GE2015: Final thoughts (1 of 4)

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We are at a curious point in history. Whenever I share my electoral preferences, my PAP friends call me an opposition supporter; and my opposition friends call me a PAP supporter.

Why? I’ll come back to that at the end of these four pieces, but first I want to discuss three issues I think are important.

This is not some comprehensive analysis of this election. Just three issues that I think haven’t been given enough consideration; and that have affected my choice.

They are: the diversity of ideas in Singapore; the nexus of power in Singapore; and Singapore’s population policies.

Diversity of ideas

First, as Singapore prepares for its next phase of development, we simply do not have a sufficient diversity of ideas in the public realm. Our level of public debate and discourse is terrible. Our country is not having the conversations it so desperately needs.

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Workers’ Party’s Manifesto: What I like and What I don’t

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He Ting Ru, one of my favourite new politicians, partly because she puts paid to the notion that opposition candidates are necessarily substandard. But more importantly, because she is a “crazy cat lady” with eight!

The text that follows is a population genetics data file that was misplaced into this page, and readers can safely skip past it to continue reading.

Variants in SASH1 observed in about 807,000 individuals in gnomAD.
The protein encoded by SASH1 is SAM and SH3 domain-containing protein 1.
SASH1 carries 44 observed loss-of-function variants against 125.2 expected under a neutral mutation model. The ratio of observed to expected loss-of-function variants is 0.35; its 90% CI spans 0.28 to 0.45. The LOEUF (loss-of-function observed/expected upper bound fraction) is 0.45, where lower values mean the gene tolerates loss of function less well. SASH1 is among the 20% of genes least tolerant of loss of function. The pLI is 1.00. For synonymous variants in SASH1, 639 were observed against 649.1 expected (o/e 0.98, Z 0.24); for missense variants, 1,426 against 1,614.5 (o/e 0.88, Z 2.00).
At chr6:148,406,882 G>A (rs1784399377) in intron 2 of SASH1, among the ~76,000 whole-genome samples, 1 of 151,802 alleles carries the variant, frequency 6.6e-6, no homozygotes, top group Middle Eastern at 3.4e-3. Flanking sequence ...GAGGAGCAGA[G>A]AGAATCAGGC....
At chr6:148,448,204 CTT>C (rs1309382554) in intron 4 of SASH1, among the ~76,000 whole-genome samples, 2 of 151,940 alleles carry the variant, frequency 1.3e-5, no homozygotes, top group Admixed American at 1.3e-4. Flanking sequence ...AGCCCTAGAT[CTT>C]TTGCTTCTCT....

“The opposition has nothing new or concrete to offer.”

I am tiring of this lazy, ignorant, biased statement. So I have put my unemployment to good use and done some homework.

Having just gone through the WP’s manifesto, I have selected here the many statements that I like and also the three that I don’t like—including the one that I REALLY dislike. (Scroll to the bottom for those.)

I have selected policies that I believe are significantly different from PAP policies. Like political parties everywhere, they both indulge in a lot of waffle—so forgive me for not humouring vapid commentary about helping SMEs, boosting productivity, broadening our definitions of achievement, encouraging flexible work arrangements, enhancing healthcare systems, strengthening regional stability, assisting Singaporeans abroad, etc. etc.

Those are all noble, lofty pursuits. Below are the ones I believe are practical and implementable. (Caveat: as with many of the PAP’s proposed policies, a more thorough analysis of the trade-offs and fiscal impact is necessary.)

Note: I have read up on the WP, since it is shaping up to be the most likely opposition in a possible two-party system; if, however, I detect enough interest in this post, I’d be happy to glean the other opposition parties’ manifestos.

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